///Life After Terrorism

Life After Terrorism

Life After Terrorism is a well-researched book containing a wealth of information not only on what terrorists may do next, but also what they are unlikely to do next. Before you think this is just a book for survivalists, keep reading.

Author Bruce D. Clayton P.h.D. draws you into the world of terrorists and their motives with a rollercoaster description of what could happen, and then explains why most of our worries about terrorists are unfounded. Of course, the next loop in the rollercoaster is just ahead when he explains what is highly likely and why.

Highlights Of Life After Terrorism

The book is well written and entertaining to read, which is rather shocking for a survival book. The vast majority of survival books are badly written, poorly edited, or painfully dry; in some cases all of the above. It’s no Emergency, but it is still pretty darn good.

Life After Terrorism is grounded in reality and sanity. The author lays out the facts, options, and scenarios, and explains how likely each given scenario is to happen. This was actually a very pleasant approach. You get a little jolt of excitement from the idea of some dramatic catastrophe. Then you are safely brought back down to reality.

Bruce Clayton stays out of politics and religion, which seems to be next to impossible for most authors. While I understand the desire to incorporate these themes, leaving them out certainly makes for a more pleasurable read.

While the author does not go into detail about any one topic, there are some good useful tips about things like planning evacuation routes, and why gas masks and HAZMAT suits will not be very useful. The majority of the tips are what not to do or worry about; it’s a different twist.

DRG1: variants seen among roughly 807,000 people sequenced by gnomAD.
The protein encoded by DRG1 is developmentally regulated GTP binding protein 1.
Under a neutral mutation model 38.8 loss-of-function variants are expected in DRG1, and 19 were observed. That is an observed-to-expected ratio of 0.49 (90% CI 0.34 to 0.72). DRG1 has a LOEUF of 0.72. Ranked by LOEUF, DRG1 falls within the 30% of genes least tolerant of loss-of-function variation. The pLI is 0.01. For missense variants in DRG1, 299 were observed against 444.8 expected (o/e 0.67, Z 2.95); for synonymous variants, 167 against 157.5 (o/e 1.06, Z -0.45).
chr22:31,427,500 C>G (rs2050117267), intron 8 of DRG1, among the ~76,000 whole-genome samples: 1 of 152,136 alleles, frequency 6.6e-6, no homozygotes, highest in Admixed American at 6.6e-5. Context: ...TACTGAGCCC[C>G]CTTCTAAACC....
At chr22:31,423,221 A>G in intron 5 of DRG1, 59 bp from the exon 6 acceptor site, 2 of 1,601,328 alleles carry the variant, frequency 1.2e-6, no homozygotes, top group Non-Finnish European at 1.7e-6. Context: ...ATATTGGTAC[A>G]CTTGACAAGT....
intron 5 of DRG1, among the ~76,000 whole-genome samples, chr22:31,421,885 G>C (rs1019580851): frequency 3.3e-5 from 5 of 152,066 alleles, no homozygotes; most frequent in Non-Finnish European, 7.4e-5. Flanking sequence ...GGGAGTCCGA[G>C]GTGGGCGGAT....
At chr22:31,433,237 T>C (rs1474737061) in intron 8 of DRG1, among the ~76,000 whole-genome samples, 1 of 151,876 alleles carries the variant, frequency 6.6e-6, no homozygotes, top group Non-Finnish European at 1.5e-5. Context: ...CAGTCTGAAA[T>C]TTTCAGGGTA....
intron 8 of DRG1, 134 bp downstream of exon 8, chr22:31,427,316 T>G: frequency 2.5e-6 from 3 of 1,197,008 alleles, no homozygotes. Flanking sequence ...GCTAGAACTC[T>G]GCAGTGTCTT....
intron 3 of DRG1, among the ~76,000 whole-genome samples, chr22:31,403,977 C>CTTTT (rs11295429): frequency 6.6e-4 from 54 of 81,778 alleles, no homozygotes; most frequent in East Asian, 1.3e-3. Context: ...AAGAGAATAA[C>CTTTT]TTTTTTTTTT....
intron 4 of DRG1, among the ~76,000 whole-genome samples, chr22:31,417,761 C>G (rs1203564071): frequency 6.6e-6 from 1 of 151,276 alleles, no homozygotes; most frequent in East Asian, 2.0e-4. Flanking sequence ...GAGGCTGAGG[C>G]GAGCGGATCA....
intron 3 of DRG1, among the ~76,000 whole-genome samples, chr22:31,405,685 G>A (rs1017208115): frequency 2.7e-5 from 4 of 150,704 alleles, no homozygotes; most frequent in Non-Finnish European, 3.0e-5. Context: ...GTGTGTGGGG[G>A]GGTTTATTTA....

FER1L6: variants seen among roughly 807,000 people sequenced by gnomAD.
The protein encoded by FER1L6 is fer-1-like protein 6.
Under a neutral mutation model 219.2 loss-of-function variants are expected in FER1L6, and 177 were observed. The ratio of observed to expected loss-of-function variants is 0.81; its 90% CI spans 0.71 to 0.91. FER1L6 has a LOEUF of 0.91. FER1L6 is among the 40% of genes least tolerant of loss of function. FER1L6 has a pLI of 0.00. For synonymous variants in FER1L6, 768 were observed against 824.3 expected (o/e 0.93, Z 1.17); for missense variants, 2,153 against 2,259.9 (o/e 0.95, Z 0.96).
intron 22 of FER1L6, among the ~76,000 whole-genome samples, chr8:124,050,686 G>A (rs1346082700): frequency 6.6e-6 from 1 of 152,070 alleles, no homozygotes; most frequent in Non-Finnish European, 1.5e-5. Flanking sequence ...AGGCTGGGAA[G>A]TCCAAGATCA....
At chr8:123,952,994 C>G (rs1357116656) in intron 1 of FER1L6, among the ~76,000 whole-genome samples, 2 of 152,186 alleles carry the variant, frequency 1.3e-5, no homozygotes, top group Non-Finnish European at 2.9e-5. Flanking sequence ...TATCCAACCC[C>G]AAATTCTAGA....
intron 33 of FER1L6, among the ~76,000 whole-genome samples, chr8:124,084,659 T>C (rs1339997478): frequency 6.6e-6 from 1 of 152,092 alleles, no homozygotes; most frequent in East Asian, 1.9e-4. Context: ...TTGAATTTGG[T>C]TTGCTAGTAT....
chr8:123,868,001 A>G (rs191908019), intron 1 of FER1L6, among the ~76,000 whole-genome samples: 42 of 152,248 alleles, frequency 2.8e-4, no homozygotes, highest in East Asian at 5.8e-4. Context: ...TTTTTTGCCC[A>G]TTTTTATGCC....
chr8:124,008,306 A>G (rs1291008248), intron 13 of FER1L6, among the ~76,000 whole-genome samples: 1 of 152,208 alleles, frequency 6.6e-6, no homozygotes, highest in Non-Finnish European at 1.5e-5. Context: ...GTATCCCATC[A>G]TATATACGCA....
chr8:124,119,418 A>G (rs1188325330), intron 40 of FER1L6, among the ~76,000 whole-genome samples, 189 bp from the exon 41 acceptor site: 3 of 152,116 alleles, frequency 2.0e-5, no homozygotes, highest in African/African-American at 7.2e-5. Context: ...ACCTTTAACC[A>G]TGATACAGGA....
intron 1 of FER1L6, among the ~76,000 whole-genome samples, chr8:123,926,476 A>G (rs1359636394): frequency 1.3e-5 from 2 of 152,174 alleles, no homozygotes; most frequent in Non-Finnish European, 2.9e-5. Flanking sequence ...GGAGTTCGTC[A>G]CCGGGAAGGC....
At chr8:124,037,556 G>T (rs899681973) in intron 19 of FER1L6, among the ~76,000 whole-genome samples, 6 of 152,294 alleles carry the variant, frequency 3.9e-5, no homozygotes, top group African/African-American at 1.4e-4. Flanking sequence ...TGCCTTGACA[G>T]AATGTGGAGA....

About Terrorism

Dr. Clayton does a very nice job of breaking the different types of terrorists and their motives down into six major groups: Lunatic Loners, Fringe Groups, Religious Cults, Revolution and Resistance, State-Sponsored Terrorism, and International Terror.

One interesting fact about terrorism brought up in the book is that “al Qaeda is an umbrella organization” with many heads. “Al Qaeda is not a snake,” Clayton says. “It is a hydra. Cut off one head and two will grow back.”

Gripes

“Move to the country.” That’s the answer most often given to survivalists. While this is a good solution in some ways, it is not perfect. It’s also simply not where most people live or want to live. Thankfully, the author does not go on at length and turn moving to the country for survival purposes into a soapbox rant.

Life After Terrorism contains a few items that were current when it was published in 2002, but which are now dated.

A History of Terrorists it’s not. While historical references are made, any detailed or even brief history of terrorism is missing from Life After Terrorism. Including a history of terrorists in the book would have been a nice lead-in and provided an interesting look at how terrorism has evolved over the years.

Dr. Clayton rails at militias and makes some rather sweeping generalizations about them. I don’t belong to one, but I also don’t believe they are all Revolution and Resistance terrorist organizations.

Recommended Purchase

Of all the survival-related books I have read, this one is up there in the top five for Urban Survivalists. It was a pleasure to read, and its faults were easy to overlook. Even if you are not a survivalist, given the times we live in, it’s still a good read for anyone who likes to stay informed.

Life After Terrorism on Amazon

  • ISBN 10: 1-58160-599-4
  • ISBN 13: 978-1-58160-599-0
  • Copyright 2002 by Bruce Clayton, Ph.D.
  • Published by Paladin Press

Other Books by Bruce Clayton

Life After Doomsday: A Survivalist Guide to Nuclear War and Other Major Disasters

Read it? Let us know what you thought in the comments section below.
By | 2011-04-28T16:17:15+00:00 March 3rd, 2011|Reviews, Survival Book Reviews|1 Comment

About the Author:

In his free time, Aaron enjoys hogging the remote, surfing, scotch, mental masturbation and debate over philosophical topics, and shooting stuff--usually not all at the same time.

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